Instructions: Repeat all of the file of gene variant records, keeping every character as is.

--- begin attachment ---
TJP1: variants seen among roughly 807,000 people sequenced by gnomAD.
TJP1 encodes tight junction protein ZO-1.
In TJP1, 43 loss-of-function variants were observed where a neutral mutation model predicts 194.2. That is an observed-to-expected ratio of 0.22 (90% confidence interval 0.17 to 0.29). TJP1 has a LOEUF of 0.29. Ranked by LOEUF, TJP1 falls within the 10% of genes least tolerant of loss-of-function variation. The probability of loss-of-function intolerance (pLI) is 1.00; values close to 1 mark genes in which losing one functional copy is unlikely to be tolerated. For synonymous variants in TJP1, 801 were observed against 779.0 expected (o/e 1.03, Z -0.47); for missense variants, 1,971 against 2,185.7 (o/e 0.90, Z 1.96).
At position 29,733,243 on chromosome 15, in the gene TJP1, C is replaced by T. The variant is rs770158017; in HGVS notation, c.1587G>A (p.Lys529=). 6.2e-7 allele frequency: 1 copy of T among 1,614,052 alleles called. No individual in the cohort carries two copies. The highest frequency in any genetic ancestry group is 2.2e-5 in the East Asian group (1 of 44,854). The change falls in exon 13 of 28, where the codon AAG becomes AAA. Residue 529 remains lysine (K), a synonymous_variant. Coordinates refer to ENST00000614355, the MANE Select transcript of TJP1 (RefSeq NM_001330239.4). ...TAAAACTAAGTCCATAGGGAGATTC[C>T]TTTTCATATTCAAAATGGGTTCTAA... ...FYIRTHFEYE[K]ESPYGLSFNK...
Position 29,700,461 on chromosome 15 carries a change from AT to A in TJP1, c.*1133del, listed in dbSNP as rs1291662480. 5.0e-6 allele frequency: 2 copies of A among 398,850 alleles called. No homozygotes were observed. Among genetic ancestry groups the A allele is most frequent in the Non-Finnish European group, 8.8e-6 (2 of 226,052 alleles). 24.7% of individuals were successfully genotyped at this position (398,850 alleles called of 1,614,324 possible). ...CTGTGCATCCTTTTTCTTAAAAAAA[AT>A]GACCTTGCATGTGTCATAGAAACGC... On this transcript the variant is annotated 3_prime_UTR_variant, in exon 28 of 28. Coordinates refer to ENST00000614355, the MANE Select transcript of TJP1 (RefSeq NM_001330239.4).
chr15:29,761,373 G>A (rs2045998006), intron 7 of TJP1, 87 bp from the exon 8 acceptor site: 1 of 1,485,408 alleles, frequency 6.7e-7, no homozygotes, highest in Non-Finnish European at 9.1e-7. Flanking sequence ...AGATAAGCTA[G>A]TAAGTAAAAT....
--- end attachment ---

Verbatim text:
TJP1: variants seen among roughly 807,000 people sequenced by gnomAD.
TJP1 encodes tight junction protein ZO-1.
In TJP1, 43 loss-of-function variants were observed where a neutral mutation model predicts 194.2. That is an observed-to-expected ratio of 0.22 (90% confidence interval 0.17 to 0.29). TJP1 has a LOEUF of 0.29. Ranked by LOEUF, TJP1 falls within the 10% of genes least tolerant of loss-of-function variation. The probability of loss-of-function intolerance (pLI) is 1.00; values close to 1 mark genes in which losing one functional copy is unlikely to be tolerated. For synonymous variants in TJP1, 801 were observed against 779.0 expected (o/e 1.03, Z -0.47); for missense variants, 1,971 against 2,185.7 (o/e 0.90, Z 1.96).
At position 29,733,243 on chromosome 15, in the gene TJP1, C is replaced by T. The variant is rs770158017; in HGVS notation, c.1587G>A (p.Lys529=). 6.2e-7 allele frequency: 1 copy of T among 1,614,052 alleles called. No individual in the cohort carries two copies. The highest frequency in any genetic ancestry group is 2.2e-5 in the East Asian group (1 of 44,854). The change falls in exon 13 of 28, where the codon AAG becomes AAA. Residue 529 remains lysine (K), a synonymous_variant. Coordinates refer to ENST00000614355, the MANE Select transcript of TJP1 (RefSeq NM_001330239.4). ...TAAAACTAAGTCCATAGGGAGATTC[C>T]TTTTCATATTCAAAATGGGTTCTAA... ...FYIRTHFEYE[K]ESPYGLSFNK...
Position 29,700,461 on chromosome 15 carries a change from AT to A in TJP1, c.*1133del, listed in dbSNP as rs1291662480. 5.0e-6 allele frequency: 2 copies of A among 398,850 alleles called. No homozygotes were observed. Among genetic ancestry groups the A allele is most frequent in the Non-Finnish European group, 8.8e-6 (2 of 226,052 alleles). 24.7% of individuals were successfully genotyped at this position (398,850 alleles called of 1,614,324 possible). ...CTGTGCATCCTTTTTCTTAAAAAAA[AT>A]GACCTTGCATGTGTCATAGAAACGC... On this transcript the variant is annotated 3_prime_UTR_variant, in exon 28 of 28. Coordinates refer to ENST00000614355, the MANE Select transcript of TJP1 (RefSeq NM_001330239.4).
chr15:29,761,373 G>A (rs2045998006), intron 7 of TJP1, 87 bp from the exon 8 acceptor site: 1 of 1,485,408 alleles, frequency 6.7e-7, no homozygotes, highest in Non-Finnish European at 9.1e-7. Flanking sequence ...AGATAAGCTA[G>A]TAAGTAAAAT....